How To Brine Turkey to Keep It Extra Tender

updated Nov 15, 2023

Brining your bird with this basic solution of water and salt means the meat will be more juicy and flavorful.

Makes1 turkey

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While not a required step in cooking a turkey, brining can take your bird from good to extraordinary. Why? Turkey is a relatively lean bird, particularly the breast meat, meaning that it doesn’t have a lot of fat to help keep the meat from becoming dry and tough.

By giving your turkey a dunk in a luxurious saltwater brine, you can coax more moisture and flavor into your meal before it’s ready to roast. Learn how to brine a turkey with our simple step-by-step recipe, and you’ll never want to prep it any other way.

Quick Overview

Why Should I Brine a Turkey?

Brining your turkey in saltwater adds extra moisture to the lean bird, helping it stay juicy as it roasts (even if you accidentally overcook it). The salt in the brine also seasons the turkey and breaks down some of its proteins, making it more tender.

What is Brining?

A brine is a basic solution of water and salt, and it works all sorts of magic on your bird:

  1. During brining, the turkey absorbs extra moisture, which in turn helps it stay juicy.
  2. Since the turkey absorbs salt too, it also gets nicely seasoned.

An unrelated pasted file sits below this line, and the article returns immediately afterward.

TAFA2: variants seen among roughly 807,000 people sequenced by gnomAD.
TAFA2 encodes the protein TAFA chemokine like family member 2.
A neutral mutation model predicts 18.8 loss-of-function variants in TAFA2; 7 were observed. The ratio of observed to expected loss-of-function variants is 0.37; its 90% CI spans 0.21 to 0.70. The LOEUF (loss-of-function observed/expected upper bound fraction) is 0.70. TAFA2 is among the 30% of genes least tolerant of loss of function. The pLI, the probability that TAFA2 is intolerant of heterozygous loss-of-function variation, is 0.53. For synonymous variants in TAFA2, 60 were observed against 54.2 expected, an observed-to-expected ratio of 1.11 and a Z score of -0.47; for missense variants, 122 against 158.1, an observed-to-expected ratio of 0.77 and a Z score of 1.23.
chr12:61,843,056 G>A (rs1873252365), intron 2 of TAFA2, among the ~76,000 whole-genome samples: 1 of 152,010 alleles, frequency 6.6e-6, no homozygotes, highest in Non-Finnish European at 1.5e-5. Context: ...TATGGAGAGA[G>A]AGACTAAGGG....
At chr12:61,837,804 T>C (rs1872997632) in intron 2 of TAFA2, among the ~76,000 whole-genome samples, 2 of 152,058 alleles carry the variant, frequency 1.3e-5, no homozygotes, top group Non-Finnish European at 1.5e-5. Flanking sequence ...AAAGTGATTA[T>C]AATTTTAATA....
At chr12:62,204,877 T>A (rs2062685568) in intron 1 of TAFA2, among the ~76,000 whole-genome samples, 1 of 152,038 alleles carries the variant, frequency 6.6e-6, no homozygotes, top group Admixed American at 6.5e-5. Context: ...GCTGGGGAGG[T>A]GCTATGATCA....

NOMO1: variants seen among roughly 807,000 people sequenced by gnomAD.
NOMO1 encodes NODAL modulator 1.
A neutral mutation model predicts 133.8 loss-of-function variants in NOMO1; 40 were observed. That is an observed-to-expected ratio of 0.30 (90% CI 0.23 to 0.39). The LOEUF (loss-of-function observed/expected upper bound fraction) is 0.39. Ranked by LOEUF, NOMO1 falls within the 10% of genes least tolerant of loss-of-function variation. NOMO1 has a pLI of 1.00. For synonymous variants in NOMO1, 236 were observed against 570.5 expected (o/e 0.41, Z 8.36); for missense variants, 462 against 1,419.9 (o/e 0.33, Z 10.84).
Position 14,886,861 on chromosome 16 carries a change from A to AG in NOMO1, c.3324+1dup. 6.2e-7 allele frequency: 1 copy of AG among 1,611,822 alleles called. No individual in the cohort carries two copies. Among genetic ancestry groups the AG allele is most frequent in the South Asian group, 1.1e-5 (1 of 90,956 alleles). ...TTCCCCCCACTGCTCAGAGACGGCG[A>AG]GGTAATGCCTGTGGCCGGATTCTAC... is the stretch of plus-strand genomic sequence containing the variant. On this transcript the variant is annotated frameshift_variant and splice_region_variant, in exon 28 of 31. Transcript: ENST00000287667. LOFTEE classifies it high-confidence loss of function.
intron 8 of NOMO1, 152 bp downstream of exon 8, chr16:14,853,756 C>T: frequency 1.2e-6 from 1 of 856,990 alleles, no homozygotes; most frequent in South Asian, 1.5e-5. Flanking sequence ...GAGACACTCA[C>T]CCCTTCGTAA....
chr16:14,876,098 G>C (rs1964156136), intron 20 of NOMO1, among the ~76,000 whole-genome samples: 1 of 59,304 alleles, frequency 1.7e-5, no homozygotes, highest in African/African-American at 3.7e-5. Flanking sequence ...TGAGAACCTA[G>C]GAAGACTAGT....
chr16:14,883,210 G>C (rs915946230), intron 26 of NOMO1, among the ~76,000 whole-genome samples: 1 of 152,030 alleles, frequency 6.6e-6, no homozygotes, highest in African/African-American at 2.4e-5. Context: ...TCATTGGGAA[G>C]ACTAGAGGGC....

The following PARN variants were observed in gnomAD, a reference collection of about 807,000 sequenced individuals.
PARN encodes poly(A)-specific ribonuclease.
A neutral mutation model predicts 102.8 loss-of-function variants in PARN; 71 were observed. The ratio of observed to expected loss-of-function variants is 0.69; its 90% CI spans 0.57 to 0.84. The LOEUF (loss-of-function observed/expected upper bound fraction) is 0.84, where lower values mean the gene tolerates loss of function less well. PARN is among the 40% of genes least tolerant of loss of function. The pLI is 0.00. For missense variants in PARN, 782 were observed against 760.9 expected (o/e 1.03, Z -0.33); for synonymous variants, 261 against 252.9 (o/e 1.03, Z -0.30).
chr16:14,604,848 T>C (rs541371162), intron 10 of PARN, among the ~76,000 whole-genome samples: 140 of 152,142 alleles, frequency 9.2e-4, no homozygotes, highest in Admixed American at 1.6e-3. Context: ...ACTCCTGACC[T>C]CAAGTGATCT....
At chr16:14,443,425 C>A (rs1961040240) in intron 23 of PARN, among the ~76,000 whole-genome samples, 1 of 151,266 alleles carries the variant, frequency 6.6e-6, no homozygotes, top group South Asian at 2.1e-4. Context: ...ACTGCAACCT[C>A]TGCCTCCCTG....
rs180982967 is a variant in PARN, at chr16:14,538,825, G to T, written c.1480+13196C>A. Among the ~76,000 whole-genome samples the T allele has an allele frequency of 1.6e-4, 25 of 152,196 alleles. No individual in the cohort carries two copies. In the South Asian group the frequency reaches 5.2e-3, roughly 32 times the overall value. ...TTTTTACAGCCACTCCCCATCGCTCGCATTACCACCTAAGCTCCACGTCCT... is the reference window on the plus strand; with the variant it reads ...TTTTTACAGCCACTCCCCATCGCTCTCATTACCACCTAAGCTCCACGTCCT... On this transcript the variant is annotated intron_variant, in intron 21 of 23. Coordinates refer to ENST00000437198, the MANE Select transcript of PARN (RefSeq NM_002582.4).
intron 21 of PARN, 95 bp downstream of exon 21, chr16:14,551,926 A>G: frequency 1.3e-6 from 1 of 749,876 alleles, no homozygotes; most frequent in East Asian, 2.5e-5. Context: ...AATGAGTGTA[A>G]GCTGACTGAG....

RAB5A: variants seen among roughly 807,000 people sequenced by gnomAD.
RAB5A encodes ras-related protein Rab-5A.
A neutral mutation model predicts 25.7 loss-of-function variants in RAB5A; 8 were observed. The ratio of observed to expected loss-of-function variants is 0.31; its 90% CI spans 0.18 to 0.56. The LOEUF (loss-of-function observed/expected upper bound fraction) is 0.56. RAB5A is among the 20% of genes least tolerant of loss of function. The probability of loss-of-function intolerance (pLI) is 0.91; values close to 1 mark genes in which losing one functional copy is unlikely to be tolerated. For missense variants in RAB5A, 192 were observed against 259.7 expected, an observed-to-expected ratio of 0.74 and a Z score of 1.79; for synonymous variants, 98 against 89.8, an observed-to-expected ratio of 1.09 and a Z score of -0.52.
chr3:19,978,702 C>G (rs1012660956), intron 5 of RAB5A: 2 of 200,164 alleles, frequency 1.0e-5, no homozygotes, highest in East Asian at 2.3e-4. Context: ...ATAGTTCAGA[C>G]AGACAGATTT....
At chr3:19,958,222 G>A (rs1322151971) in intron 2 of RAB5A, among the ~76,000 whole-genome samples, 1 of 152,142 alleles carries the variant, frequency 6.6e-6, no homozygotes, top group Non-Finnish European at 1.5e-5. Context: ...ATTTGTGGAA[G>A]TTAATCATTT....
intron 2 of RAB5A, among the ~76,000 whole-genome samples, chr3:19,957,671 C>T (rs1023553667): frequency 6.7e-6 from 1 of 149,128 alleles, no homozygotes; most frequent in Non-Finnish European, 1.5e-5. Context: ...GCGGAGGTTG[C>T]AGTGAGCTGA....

3. Even better, the salt breaks down some of the turkey’s proteins, making it more tender.

Think of brining as insurance. A bird that has been wet-brined for just 12 hours will stay juicy even if you overshoot the cooking time a little. It’s one less thing to worry about.

Credit: Photo: Alex Lepe ; Food Stylist: Brett Regot

First Things First: Clear Out Your Fridge

One downside to brining a turkey is that it takes up fridge space. You’ll need to find a pot big enough to keep it fully submerged, and make enough space in the fridge. One smart place to try, if it’s deep enough: Your fridge’s crisper drawer.

I don’t recommend brining your turkey in a cooler. It’s hard to be totally sure that the turkey stays safely out of the temperature danger zone. If you’re low on space, consider dry-brining your turkey, which also results in a juicy, well-seasoned turkey.

What Type of Turkey is Best for Brining?

Only brine turkeys that have not been pre-salted, which should be clearly stated on the label. Do not use turkeys labeled “kosher,” “enhanced,” or “self-basting.” Brining these would result in an over-salted turkey. If your label doesn’t give any indication that it has been pre-treated, then it’s safe to assume you’re clear to proceed.

It’s fine to brine a partially thawed turkey. The thawing process will continue while the turkey is in the brine.

How Long to Brine a Turkey

Brine the turkey in the refrigerator for 12 to 24 hours.

How to Cook a Brined Turkey

Once it’s out of the brine, pat it dry and rub it with any spices you were planning to use (although you can skip the salt!). You can also baste the turkey with juices or brush it with butter as it roasts.